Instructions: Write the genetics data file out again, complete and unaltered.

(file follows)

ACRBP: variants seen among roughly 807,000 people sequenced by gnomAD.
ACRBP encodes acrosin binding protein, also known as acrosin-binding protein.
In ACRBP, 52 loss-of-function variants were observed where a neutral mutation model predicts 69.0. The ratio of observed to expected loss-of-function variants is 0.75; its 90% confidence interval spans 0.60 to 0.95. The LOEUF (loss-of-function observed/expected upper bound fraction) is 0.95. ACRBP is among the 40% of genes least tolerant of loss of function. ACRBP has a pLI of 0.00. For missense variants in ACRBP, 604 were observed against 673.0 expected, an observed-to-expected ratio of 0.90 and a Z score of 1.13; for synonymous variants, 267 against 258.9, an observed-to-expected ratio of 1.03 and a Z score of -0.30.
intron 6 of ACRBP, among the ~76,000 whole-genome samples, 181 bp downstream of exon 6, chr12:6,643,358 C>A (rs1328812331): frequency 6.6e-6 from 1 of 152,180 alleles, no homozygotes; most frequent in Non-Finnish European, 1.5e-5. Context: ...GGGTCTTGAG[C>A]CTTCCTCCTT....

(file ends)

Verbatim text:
ACRBP: variants seen among roughly 807,000 people sequenced by gnomAD.
ACRBP encodes acrosin binding protein, also known as acrosin-binding protein.
In ACRBP, 52 loss-of-function variants were observed where a neutral mutation model predicts 69.0. The ratio of observed to expected loss-of-function variants is 0.75; its 90% confidence interval spans 0.60 to 0.95. The LOEUF (loss-of-function observed/expected upper bound fraction) is 0.95. ACRBP is among the 40% of genes least tolerant of loss of function. ACRBP has a pLI of 0.00. For missense variants in ACRBP, 604 were observed against 673.0 expected, an observed-to-expected ratio of 0.90 and a Z score of 1.13; for synonymous variants, 267 against 258.9, an observed-to-expected ratio of 1.03 and a Z score of -0.30.
intron 6 of ACRBP, among the ~76,000 whole-genome samples, 181 bp downstream of exon 6, chr12:6,643,358 C>A (rs1328812331): frequency 6.6e-6 from 1 of 152,180 alleles, no homozygotes; most frequent in Non-Finnish European, 1.5e-5. Context: ...GGGTCTTGAG[C>A]CTTCCTCCTT....